I’m still three reviews behind, so I’ll get right to it with this one. Having read and loved Becky Albertalli’s Simon vs. the Homo Sapiens Agenda earlier this year, I figured I may as well read the follow-up, Leah on the Offbeat, especially since it was one of the few finalists for the 2018 Goodreads Awards that I already owned.
The whole gang from Simon is back for senior year, and Simon’s long-time best friend Leah gets to tell her own story. The title is a perfect encapsulation of Leah: a drummer in an all-girl band but not really a girlie-girl, more voluptuous than most of the girls she knows, relatively poor compared to the other kids in her school. And like Simon, she has a secret. Not even her friends know that she’s bisexual, and it’s all starting to wear on her.
Leah’s smaller group of friends isn’t as close this year, with Simon and Bram and Nick and Abby paired off. Leah finds herself spending more time with peripheral friends, but she doesn’t complain, trying to coast through the year without any major blowups. One of these peripheral friends develops a crush on her, going so far as to ask her to prom, and though she isn’t interested in him that way, she talks herself into going along with it, half to keep the peace and half on the off-chance she changes her mind.
But before long, things start to fall apart. Leah is trapped inside her own head, with no one to talk to about her own crush, worried that she’ll destroy her what’s left of her friendships and embarrass herself in the process. By forcing down her feelings, she grows irritable and defensive, and if she’s not careful, she’ll alienate everyone she knows.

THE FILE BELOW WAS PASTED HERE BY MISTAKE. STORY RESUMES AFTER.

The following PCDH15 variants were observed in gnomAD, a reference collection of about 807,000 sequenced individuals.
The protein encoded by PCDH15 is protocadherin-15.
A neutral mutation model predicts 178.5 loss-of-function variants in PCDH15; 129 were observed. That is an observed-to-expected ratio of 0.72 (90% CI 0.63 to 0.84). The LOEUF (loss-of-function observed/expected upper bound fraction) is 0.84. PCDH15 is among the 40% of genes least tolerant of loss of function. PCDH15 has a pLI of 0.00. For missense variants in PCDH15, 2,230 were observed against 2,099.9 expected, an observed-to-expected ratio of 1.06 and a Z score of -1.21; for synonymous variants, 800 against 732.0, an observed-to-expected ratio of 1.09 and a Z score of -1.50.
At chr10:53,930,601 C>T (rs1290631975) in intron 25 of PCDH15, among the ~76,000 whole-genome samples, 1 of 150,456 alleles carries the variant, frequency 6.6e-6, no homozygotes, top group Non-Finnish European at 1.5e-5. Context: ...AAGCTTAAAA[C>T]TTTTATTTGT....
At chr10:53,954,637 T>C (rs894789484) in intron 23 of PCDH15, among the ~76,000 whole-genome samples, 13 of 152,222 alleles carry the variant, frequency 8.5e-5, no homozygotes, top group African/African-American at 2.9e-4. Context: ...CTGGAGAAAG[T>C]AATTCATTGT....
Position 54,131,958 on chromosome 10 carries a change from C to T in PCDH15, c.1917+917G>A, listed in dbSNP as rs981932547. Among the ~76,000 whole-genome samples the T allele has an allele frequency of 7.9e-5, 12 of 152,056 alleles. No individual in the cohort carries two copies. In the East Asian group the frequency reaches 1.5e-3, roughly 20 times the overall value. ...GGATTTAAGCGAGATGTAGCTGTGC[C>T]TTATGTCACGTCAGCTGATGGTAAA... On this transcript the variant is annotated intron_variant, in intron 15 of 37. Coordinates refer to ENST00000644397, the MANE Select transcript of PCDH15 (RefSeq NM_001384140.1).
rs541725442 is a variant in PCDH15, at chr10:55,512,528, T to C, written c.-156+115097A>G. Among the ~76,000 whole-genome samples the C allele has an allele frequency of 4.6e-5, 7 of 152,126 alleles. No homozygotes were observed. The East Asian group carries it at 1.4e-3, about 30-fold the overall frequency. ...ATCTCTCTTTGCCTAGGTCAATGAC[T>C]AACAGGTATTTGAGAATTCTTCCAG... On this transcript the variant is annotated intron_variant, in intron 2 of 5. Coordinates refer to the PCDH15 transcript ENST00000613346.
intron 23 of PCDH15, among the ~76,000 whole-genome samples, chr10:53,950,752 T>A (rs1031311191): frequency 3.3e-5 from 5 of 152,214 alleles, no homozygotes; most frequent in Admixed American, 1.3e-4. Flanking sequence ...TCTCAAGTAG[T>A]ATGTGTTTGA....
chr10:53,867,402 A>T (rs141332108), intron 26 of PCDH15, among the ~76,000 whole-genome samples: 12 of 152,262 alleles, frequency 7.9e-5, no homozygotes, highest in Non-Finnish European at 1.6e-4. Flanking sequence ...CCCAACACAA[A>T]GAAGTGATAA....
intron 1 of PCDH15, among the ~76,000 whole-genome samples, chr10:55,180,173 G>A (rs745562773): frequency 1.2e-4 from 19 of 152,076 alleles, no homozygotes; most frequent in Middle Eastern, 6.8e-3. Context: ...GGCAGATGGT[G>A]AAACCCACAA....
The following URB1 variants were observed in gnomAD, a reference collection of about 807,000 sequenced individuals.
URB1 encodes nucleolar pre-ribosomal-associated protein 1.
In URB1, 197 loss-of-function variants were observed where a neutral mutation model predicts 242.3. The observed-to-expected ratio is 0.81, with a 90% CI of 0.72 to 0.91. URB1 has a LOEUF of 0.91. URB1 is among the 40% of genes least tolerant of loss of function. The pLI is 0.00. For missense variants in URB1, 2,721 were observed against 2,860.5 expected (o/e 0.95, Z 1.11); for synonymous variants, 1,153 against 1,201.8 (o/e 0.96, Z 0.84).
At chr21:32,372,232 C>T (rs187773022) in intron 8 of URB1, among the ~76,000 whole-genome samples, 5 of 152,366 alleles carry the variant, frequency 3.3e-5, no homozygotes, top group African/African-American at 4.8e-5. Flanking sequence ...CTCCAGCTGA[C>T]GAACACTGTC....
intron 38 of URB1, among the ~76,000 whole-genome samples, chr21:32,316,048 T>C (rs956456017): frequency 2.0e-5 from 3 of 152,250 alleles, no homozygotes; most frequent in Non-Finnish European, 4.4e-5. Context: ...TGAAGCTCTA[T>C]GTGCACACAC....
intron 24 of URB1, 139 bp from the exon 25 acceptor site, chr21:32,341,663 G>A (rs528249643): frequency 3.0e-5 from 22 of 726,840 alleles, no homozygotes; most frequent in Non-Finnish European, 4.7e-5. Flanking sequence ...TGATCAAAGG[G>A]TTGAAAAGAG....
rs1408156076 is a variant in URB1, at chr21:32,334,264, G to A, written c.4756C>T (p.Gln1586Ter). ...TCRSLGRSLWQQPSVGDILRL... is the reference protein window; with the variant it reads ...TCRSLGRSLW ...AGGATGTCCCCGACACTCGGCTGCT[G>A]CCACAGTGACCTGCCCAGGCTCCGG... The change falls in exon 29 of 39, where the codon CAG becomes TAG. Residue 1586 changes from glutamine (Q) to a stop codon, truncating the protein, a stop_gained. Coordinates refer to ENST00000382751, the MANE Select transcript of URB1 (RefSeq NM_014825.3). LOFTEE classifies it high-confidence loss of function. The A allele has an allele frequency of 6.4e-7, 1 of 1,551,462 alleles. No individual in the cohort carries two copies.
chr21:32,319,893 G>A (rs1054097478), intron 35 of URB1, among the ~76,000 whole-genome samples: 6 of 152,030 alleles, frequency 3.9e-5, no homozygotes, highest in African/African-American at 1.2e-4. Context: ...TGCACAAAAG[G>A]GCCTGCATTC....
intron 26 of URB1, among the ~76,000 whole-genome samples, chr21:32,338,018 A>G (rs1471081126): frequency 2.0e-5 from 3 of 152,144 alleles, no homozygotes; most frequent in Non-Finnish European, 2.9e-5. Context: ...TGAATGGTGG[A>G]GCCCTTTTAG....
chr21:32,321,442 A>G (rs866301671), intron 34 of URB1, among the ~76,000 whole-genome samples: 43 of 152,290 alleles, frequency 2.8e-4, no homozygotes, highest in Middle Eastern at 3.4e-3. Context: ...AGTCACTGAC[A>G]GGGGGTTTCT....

This book was pretty middle-of-the-road for me, getting an extra bump from my own familiarity with and affection for the characters. I was somewhat disappointed that Albertalli didn’t give us much character development in this book, relying a little too much on Simon for exposition. The characters are all there, but aside from Leah and a few other key players, none are given much to do, with most of the action taking place inside Leah’s head in the form of her own teen-angsty arguments with herself.
I will say the last part of the book saved it for me, with Simon and Bram and the others featuring more heavily in the lead-up to prom. The longstanding friendships are brought back to the foreground, and Leah finally gets out of her own head and starts talking. I also liked how the relationship with her mom played out. Leah is ready to get out there and be an adult, but her mom wants her to enjoy being a kid while she can. Though this isn’t a new concept, I thought Albertalli handled it well.
So while I wish the rest of the book could have been as strong as the last section, I ultimately enjoyed it for what it was, not for what I wished it had been. I’d recommend it if you’ve already read and liked Simon, but it’s too dependent on that book to stand on its own.